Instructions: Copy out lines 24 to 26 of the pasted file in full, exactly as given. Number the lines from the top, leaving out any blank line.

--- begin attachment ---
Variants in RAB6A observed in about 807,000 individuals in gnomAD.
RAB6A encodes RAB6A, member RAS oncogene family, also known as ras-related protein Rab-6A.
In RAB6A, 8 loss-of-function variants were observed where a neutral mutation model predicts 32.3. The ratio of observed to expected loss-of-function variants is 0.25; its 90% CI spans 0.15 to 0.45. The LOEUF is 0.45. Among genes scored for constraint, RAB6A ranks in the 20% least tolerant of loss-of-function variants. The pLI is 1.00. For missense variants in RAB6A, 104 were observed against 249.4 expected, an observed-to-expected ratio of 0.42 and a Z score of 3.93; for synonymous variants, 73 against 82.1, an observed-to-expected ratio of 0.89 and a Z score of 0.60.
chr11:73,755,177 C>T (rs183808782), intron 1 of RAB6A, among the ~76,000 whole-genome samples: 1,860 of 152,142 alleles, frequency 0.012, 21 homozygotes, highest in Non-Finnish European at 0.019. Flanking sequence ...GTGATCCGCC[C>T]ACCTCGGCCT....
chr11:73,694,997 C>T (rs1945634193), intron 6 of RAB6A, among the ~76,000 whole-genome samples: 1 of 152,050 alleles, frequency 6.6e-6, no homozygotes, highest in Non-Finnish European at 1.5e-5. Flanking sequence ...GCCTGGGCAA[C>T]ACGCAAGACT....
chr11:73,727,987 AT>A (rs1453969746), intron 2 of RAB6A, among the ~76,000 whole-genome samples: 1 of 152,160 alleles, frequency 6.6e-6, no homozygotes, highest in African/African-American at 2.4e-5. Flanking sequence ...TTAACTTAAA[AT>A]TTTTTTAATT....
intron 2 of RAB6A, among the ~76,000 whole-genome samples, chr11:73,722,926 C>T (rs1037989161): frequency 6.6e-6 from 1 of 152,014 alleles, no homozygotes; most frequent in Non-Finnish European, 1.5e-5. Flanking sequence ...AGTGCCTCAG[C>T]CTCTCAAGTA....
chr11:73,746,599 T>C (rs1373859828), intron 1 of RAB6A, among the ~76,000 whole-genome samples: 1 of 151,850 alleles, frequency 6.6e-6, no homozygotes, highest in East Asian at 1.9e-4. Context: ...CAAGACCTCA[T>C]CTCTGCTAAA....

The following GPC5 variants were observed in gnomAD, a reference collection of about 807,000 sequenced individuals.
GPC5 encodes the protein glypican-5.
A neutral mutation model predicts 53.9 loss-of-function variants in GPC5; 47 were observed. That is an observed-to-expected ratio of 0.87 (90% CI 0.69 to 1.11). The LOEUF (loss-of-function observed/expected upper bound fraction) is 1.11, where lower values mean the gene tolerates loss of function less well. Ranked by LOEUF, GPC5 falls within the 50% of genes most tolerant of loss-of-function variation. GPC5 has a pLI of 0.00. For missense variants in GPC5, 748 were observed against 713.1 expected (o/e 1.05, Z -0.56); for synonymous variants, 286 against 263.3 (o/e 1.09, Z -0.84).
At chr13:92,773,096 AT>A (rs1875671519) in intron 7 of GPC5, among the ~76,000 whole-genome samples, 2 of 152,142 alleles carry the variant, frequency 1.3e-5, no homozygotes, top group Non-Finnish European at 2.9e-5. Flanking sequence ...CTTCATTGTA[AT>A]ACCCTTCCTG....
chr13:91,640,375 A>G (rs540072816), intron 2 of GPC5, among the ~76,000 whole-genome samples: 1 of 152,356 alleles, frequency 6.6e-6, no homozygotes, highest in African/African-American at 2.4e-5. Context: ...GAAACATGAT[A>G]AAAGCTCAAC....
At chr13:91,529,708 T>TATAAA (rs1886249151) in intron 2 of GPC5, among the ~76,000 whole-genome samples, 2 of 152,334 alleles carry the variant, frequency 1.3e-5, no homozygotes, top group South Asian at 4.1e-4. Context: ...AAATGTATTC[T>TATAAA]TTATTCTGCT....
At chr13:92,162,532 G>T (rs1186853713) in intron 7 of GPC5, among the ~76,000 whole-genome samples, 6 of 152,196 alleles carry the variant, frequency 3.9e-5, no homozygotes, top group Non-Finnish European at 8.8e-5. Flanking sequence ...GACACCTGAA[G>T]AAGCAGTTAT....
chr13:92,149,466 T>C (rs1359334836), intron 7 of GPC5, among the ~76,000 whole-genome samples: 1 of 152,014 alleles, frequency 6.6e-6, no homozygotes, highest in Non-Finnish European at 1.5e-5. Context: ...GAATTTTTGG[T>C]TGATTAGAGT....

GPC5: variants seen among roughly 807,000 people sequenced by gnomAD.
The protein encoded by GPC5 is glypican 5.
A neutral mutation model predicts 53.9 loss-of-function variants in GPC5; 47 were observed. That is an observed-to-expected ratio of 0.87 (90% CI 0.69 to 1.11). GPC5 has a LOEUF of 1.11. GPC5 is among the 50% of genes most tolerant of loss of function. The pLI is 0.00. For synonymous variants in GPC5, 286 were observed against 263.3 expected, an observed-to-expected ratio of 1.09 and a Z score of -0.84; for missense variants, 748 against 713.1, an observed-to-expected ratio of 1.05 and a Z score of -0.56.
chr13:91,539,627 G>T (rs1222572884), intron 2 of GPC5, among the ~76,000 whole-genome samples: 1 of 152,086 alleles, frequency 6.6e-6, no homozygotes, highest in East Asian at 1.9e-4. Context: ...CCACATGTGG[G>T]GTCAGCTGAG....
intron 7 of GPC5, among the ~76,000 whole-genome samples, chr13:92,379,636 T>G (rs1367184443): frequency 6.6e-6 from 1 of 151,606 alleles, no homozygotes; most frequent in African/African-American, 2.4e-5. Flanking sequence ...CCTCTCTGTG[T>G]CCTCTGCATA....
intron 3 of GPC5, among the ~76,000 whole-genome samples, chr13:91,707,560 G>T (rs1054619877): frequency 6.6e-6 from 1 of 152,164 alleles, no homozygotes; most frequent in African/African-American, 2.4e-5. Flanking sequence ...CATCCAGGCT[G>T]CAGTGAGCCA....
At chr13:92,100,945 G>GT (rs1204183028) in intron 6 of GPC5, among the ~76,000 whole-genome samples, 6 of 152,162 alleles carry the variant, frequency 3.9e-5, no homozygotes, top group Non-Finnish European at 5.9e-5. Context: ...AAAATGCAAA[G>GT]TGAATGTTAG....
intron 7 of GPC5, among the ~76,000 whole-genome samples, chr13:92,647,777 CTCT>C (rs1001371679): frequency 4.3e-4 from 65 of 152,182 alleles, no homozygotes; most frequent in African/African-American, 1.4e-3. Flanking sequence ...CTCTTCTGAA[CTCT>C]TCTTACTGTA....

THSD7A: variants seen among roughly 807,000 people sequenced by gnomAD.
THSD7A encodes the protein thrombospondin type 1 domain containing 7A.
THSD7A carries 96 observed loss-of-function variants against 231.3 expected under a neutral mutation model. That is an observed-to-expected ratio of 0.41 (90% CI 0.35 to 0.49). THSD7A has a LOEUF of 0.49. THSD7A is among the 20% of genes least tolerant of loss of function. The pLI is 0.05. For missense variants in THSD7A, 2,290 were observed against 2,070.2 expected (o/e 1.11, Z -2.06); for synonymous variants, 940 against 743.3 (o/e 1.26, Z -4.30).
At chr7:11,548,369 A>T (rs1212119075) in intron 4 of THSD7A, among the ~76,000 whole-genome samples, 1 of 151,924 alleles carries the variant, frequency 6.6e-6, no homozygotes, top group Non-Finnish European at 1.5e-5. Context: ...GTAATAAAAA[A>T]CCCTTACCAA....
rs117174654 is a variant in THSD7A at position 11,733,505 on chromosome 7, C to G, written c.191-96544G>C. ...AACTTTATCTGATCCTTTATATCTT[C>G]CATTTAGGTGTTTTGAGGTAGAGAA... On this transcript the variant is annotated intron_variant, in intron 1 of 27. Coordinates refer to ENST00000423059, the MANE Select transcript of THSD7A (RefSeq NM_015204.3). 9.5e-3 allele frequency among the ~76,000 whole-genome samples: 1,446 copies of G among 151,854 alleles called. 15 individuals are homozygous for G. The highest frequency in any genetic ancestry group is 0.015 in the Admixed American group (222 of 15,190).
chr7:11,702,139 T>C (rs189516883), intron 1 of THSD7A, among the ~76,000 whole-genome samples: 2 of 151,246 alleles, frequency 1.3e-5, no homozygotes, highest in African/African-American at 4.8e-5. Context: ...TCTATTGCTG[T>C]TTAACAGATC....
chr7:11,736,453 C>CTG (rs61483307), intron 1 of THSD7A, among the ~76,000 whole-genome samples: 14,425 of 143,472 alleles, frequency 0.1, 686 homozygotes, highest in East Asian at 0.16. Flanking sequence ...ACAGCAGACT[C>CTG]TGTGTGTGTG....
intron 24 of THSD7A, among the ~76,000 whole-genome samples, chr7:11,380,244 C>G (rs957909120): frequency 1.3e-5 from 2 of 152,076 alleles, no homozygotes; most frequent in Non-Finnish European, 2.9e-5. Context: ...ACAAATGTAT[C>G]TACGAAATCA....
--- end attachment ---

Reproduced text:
intron 7 of GPC5, among the ~76,000 whole-genome samples, chr13:92,647,777 CTCT>C (rs1001371679): frequency 4.3e-4 from 65 of 152,182 alleles, no homozygotes; most frequent in African/African-American, 1.4e-3. Flanking sequence ...CTCTTCTGAA[CTCT>C]TCTTACTGTA....

THSD7A: variants seen among roughly 807,000 people sequenced by gnomAD.
THSD7A encodes the protein thrombospondin type 1 domain containing 7A.